Changes to Drug Laws That Defendants Should Be Aware Of

Wooden judge gavel with question mark from drugs on table

Even though Colorado has legalized marijuana, it is still possible to face various drug charges under the law. Fortunately for many defendants, changes to the law in June of 2013 mean more defendants than ever will be given a second chance. The basic premise behind the changes to the law is to allow those who are arrested and facing felony charges the opportunity to face misdemeanor charges instead, which would give defendants a better chance at rehabilitation. While the law was passed with bipartisan support, it is not without its detractors.

What the Changes Mean for Defendants

Drug charges are classified as either a felony offense or a misdemeanor offense. Prior to the new law, many drugs were classified as class three or class four felonies. The new classifications mean felony charges have four felony classes and two misdemeanor classes. The classes and penalties generally are:

DM1 – DM1 (Drug Misdemeanor 1) is a misdemeanor offense that may be used for cultivation if the party has six or fewer plants, or is distributing a schedule V controlled substance. The maximum possible sentence under this classification could result in a sentence of 18 months in prison and a fine of $5,000.00. DM2 – Any person who is found using an unlawful substance could face misdemeanor charges under this section. In these instances, the sentencing guidelines provide for a minimum of a $50.00 fine and a maximum fine of $750.00, as well as a maximum possible sentence of 12 months in prison. Felony charges – The felony charges are broken into four classes. Depending on the court’s findings, the charges may be reduced to a misdemeanor after completion of community service, a drug program, and/or any other requirements as set forth by the court. A guilty finding will result in serious penalties; a minimum of six months in prison, a fine of up to $100,000.00, and one years’ probation is the least serious felony penalty possible.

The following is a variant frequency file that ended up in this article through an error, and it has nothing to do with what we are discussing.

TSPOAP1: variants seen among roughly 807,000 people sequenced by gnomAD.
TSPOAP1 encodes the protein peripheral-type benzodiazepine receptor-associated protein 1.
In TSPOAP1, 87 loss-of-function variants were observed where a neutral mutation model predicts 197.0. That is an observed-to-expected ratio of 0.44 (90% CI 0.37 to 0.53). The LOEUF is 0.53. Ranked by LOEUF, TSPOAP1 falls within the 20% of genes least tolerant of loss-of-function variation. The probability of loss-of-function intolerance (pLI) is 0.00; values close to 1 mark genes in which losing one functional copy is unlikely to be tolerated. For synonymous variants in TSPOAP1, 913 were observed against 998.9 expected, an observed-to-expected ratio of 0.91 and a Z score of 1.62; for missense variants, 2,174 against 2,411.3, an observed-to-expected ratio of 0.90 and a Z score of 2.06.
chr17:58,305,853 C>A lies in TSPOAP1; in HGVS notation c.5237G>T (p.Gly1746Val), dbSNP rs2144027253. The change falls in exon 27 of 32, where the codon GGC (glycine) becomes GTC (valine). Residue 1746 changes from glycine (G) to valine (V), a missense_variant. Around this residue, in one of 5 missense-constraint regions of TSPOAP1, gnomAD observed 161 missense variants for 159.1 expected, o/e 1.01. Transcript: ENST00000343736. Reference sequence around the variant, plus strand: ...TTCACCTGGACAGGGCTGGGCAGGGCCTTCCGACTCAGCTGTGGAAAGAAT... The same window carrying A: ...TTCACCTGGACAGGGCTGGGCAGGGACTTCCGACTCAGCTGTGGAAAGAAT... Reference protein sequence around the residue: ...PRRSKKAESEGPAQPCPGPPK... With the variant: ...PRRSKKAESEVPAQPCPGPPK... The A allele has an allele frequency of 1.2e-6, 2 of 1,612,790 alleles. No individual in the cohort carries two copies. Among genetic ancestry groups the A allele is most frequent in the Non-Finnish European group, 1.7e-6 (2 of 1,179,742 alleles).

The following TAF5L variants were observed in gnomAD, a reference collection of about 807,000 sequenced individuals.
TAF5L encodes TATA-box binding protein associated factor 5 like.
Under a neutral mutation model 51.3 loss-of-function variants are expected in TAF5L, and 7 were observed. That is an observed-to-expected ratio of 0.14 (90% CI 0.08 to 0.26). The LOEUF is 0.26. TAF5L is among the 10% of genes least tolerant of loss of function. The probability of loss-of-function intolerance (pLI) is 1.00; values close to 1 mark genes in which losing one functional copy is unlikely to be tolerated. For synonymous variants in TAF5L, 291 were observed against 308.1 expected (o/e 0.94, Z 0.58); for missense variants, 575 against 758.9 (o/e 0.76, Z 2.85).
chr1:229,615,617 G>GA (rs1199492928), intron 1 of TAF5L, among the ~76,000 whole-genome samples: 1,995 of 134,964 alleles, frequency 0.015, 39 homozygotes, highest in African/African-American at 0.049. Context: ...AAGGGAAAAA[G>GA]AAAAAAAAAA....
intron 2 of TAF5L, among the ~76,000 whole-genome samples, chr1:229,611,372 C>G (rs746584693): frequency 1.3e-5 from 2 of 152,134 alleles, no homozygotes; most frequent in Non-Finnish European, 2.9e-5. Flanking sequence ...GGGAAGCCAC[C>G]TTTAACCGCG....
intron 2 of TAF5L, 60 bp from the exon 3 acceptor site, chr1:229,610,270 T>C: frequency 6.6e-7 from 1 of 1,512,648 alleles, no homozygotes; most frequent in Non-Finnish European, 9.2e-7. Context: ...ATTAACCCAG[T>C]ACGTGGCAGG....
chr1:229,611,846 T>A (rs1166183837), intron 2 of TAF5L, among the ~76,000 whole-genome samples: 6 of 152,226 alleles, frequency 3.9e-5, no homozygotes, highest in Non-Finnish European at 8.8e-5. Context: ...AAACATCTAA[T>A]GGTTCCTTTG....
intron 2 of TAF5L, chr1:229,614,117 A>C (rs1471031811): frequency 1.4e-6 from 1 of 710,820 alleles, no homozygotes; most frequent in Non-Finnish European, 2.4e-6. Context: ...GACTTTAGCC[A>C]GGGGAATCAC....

Reduced Sentences Are of Little Relief

If you’re facing any type of drug charges, even with the lesser sentences, it’s important to seek immediate help from an experienced criminal defense attorney. The most serious felony charges, for example being arrested with 12 grams of Methamphetamine in your possession, could mean you are facing up to 32 years in prison. A felony charge of this kind would also be applied if you are arrested with a minor two years your junior, and are found distributing to a minor a schedule I or II controlled substance.

Drug charges of any kind should not be taken lightly, and should never be fought alone. Even with the reduced sentencing and the potential to have felony charges reduced, it is important to have someone on your side that knows the current laws, and is protecting your rights.

You need to speak with a criminal defense attorney immediately after being arrested and should be cautious about any information you provide to law enforcement. As with any other arrest, the most innocent of comments can be used against you in criminal proceedings. Law enforcement is interested in making an arrest stick, so even a seemingly innocent question could have long-lasting implications.

The Law Office of Kevin Cahill is dedicated to protecting the rights of our clients, and ensuring the best possible outcome for any felony or misdemeanor drug charges they may face. If you’re facing any type of drug charge, contact Attorney Kevin Cahill by filling out our convenient online form, or calling (720) 548-2990 to schedule your free initial consultation; we can help protect your freedom and potentially avoid a life-long criminal record.

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